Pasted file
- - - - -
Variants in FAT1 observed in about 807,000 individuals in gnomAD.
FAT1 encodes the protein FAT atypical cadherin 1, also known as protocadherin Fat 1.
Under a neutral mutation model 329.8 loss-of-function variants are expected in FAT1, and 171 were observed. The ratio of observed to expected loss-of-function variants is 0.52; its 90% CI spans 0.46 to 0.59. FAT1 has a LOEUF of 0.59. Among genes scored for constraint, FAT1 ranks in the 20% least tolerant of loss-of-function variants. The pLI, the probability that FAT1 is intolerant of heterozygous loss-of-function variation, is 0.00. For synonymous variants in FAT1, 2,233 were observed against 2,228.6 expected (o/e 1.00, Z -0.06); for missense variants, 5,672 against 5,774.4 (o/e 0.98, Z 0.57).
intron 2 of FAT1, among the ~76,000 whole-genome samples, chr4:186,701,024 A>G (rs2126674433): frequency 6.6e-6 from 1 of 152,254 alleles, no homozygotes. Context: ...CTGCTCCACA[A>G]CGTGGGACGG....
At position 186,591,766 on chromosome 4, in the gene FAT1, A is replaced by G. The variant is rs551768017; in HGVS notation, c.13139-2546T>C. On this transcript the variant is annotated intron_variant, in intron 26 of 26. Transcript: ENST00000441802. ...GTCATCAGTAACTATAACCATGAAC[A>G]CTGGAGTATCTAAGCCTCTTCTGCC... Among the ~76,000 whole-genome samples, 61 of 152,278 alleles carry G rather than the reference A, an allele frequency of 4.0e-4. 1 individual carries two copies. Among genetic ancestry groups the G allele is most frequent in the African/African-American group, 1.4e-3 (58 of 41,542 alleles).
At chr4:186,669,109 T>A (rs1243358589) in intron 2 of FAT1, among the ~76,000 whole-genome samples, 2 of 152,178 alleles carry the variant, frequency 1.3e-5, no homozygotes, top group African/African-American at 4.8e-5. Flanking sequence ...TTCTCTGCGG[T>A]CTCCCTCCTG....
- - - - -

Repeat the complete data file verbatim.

Variants in FAT1 observed in about 807,000 individuals in gnomAD.
FAT1 encodes the protein FAT atypical cadherin 1, also known as protocadherin Fat 1.
Under a neutral mutation model 329.8 loss-of-function variants are expected in FAT1, and 171 were observed. The ratio of observed to expected loss-of-function variants is 0.52; its 90% CI spans 0.46 to 0.59. FAT1 has a LOEUF of 0.59. Among genes scored for constraint, FAT1 ranks in the 20% least tolerant of loss-of-function variants. The pLI, the probability that FAT1 is intolerant of heterozygous loss-of-function variation, is 0.00. For synonymous variants in FAT1, 2,233 were observed against 2,228.6 expected (o/e 1.00, Z -0.06); for missense variants, 5,672 against 5,774.4 (o/e 0.98, Z 0.57).
intron 2 of FAT1, among the ~76,000 whole-genome samples, chr4:186,701,024 A>G (rs2126674433): frequency 6.6e-6 from 1 of 152,254 alleles, no homozygotes. Context: ...CTGCTCCACA[A>G]CGTGGGACGG....
At position 186,591,766 on chromosome 4, in the gene FAT1, A is replaced by G. The variant is rs551768017; in HGVS notation, c.13139-2546T>C. On this transcript the variant is annotated intron_variant, in intron 26 of 26. Transcript: ENST00000441802. ...GTCATCAGTAACTATAACCATGAAC[A>G]CTGGAGTATCTAAGCCTCTTCTGCC... Among the ~76,000 whole-genome samples, 61 of 152,278 alleles carry G rather than the reference A, an allele frequency of 4.0e-4. 1 individual carries two copies. Among genetic ancestry groups the G allele is most frequent in the African/African-American group, 1.4e-3 (58 of 41,542 alleles).
At chr4:186,669,109 T>A (rs1243358589) in intron 2 of FAT1, among the ~76,000 whole-genome samples, 2 of 152,178 alleles carry the variant, frequency 1.3e-5, no homozygotes, top group African/African-American at 4.8e-5. Flanking sequence ...TTCTCTGCGG[T>A]CTCCCTCCTG....